- For about $US100 ($AU136), you can buy a handheld game console on Amazon that looks like a modern Game Boy.
- It comes with dozens of games pre-loaded, including Nintendo classics like “Super Mario World.”
- The handheld is made by a Chinese firm that isn’t associated with Nintendo.
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For just shy of $US120 ($AU163), you can buy a gaming handheld on Amazon that looks suspiciously like Nintendo’s classic Game Boy gaming handheld.
Included in the price is a massive suite of games, including some you’ve assuredly heard of: “Super Mario World” for the Super Nintendo, “Mario Kart 64” for the Nintendo 64, and dozens of other gaming classics created by Nintendo’s legendary in-house game development teams.
I’m not talking about a discounted Nintendo Switch, but a device made by a Chinese company named Anbernic that isn’t associated with the Japanese gaming giant.
Nintendo didn’t license its games, and many of the other dozens of major game publishers whose games are included on the device likely didn’t either.
The vast majority of the games on the handheld are pirated.
Representatives for Nintendo and Anbernic didn’t respond to a request for comment as of publishing. An Amazon representative issued the following statement to Insider:
“Amazon relentlessly innovates to allow only genuine products in our store and to product the IP of brands. In 2020, Amazon invested more than $US700 ($AU954) million and employed more than 10,000 people to protect our store from fraud and abuse. Bad actors that attempt to abuse our system make up a tiny fraction of activity on our site and we use sophisticated tools to combat them and we make it increasingly difficult for them to hide. We continuously monitor our store and take swift action on bad actors that attempt to evade our systems, including removing the item, permanently removing the bad actor, withholding funds, pursuing legal action, or referring them to law enforcement. The appropriate enforcement actions have been taken.”
Soon after we reached out, the page for one such Anbernic console was removed from the marketplace. Many others still remain.
I used the Anbernic RG351V pictured above.
When it first boots up, the handheld displays a splash screen for one of several game consoles it’s able to emulate: the Nintendo Entertainment System, the Super Nintendo Entertainment System, the Nintendo 64, Game Boy, Nintendo DS, and several others.
That alone isn’t piracy.
Technically speaking, game console emulators – software applications that replicate the functionality of physical gaming hardware – aren’t illegal. Anbernic’s handheld uses Emuelec, an open-source emulation tool that can be downloaded legally.
It’s the games themselves, shared through various online channels that are illegal.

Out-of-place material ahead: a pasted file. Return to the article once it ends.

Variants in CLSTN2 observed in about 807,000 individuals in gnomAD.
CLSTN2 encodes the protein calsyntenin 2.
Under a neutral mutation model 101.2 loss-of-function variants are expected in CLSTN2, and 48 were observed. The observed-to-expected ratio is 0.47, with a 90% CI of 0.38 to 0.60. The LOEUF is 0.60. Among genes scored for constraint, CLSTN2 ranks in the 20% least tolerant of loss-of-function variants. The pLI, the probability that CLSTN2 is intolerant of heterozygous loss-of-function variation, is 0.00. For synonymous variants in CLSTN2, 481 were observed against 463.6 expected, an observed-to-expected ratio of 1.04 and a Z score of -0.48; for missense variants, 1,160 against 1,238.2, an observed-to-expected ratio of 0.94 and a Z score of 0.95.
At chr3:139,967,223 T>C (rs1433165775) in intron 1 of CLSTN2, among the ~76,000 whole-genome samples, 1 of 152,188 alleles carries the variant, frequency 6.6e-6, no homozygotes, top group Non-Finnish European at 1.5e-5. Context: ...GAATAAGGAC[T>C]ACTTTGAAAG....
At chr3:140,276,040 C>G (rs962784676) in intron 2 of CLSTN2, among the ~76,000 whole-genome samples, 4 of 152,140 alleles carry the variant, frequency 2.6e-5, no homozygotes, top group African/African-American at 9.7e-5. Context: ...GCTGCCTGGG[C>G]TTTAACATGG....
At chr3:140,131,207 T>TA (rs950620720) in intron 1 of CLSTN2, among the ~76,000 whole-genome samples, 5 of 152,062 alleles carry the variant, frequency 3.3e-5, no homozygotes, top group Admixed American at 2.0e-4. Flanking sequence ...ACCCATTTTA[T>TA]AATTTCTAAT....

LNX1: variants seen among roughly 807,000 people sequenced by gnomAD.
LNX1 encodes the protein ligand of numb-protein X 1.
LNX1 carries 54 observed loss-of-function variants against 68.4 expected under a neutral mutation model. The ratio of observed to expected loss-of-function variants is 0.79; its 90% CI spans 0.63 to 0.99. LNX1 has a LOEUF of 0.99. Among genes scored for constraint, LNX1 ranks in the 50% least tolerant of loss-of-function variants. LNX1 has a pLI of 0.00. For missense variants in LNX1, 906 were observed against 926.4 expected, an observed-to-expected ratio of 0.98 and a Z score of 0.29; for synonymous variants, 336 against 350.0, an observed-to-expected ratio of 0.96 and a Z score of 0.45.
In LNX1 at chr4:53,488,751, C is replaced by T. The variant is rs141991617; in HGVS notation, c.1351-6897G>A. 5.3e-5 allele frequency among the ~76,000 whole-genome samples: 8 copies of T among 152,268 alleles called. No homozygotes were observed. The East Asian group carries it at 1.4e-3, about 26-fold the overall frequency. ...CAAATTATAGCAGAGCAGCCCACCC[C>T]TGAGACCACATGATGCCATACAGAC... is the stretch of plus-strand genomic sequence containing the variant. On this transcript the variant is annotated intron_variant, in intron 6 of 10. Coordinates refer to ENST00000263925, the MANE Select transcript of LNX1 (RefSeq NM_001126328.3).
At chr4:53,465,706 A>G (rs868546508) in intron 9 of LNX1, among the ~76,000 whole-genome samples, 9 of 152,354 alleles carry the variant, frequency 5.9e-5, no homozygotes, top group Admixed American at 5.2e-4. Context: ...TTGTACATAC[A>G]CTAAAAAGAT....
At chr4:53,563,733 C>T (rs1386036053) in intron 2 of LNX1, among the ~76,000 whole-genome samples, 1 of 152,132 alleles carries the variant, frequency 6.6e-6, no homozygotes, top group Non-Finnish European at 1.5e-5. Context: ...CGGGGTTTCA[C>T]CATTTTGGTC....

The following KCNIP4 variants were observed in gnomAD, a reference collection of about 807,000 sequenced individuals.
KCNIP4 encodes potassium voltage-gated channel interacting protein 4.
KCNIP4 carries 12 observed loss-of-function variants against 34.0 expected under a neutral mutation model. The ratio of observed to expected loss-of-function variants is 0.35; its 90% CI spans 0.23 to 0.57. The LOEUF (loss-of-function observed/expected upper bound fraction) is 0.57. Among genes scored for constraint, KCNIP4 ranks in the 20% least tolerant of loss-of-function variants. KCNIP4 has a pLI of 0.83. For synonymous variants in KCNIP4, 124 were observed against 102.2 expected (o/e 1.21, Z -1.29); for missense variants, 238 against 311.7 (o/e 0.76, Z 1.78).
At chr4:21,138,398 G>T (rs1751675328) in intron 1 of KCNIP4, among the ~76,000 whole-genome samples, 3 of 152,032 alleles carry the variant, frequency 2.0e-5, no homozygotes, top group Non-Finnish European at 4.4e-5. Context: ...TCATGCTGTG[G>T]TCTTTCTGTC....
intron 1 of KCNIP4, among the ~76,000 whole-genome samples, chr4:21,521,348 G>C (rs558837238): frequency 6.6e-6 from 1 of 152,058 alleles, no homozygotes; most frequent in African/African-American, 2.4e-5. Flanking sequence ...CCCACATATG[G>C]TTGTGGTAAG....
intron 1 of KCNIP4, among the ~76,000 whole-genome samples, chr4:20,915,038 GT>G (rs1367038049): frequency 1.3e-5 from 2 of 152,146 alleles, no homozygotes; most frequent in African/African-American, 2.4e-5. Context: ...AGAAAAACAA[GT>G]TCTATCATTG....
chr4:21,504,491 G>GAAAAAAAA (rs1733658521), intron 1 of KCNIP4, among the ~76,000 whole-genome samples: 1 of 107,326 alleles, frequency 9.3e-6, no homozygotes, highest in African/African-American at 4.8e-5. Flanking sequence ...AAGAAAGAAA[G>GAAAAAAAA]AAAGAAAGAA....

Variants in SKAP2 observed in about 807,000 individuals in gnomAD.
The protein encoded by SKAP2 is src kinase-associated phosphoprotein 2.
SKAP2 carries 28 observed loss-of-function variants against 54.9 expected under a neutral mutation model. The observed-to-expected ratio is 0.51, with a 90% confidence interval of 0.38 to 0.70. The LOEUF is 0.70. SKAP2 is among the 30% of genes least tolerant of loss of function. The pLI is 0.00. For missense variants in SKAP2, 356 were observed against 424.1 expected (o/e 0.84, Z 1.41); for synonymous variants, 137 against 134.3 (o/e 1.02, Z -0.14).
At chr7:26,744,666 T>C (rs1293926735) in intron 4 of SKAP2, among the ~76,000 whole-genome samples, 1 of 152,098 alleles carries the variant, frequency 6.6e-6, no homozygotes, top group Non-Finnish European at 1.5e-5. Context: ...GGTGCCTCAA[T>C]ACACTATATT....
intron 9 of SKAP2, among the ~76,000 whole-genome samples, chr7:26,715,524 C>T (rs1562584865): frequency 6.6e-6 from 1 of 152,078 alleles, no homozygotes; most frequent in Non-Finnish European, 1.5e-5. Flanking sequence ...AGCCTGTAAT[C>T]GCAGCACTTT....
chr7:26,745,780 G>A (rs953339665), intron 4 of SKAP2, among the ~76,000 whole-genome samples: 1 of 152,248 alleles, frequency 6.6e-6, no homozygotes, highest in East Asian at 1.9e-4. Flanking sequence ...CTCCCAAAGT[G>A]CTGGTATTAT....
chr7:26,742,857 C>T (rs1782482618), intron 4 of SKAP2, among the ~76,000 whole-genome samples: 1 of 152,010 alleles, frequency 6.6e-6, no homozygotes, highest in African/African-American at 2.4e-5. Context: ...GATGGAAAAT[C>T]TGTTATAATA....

A “ROM” of “Super Mario Bros” for the NES, for instance, is a version of the game that can be played entirely in an NES emulator. (It’s been copied from a “read-only memory” chip to a shareable format, thus the name.) You don’t need the cartridge, or to prove that you paid for the game in any way. Nintendo has repeatedly threatened or taken legal action to shut down websites and services offering ROMs of its games for download.
The Anbernic RG351V I used, ordered through Amazon, was absolutely rife with pirated ROMs of classic games.
I was able to select a console and wade through a lengthy list of games already pre-loaded onto the device via microSD card, from “The Legend of Zelda: Ocarina of Time” to “Street Fighter 2.” I swerved around corners in “F-Zero” from SNES and “Mario Kart 64” from Nintendo 64. I leapt on the heads of Mario’s many foes in “Super Mario World.”
Though it allows users to load their own ROMs, a major selling point of the RG351V is that it comes out of the box “with 2521 classic games pre-installed.” The Amazon listing for the device doesn’t explicitly say what those games are, but the listing does explicitly list which game consoles the device emulates.
The devices are popular enough on Amazon that they have dozens of positive reviews, and the handheld I used was one of several such devices featured as “sponsored” listings – meaning the company that makes them paid Amazon to be featured in the search results.
For all intents and purposes, Anbernic’s handheld functioned exactly as well as you might hope.
I pushed the button, and Mario jumped. It didn’t feel like a cheap knockoff, despite being literally that. The build quality of the device was solid, like a grown-up Game Boy Color, and it even has a rechargeable battery that plugs into USB-C.
It’s not quite as nice as a Nintendo Switch, but it’s also less than half the price. And hey, if it breaks, you can always get in touch with Amazon customer support for a refund.
Got a tip? Contact Insider senior correspondent Ben Gilbert via email ([email protected]), or Twitter DM (@realbengilbert). We can keep sources anonymous. Use a non-work device to reach out. PR pitches by email only, please.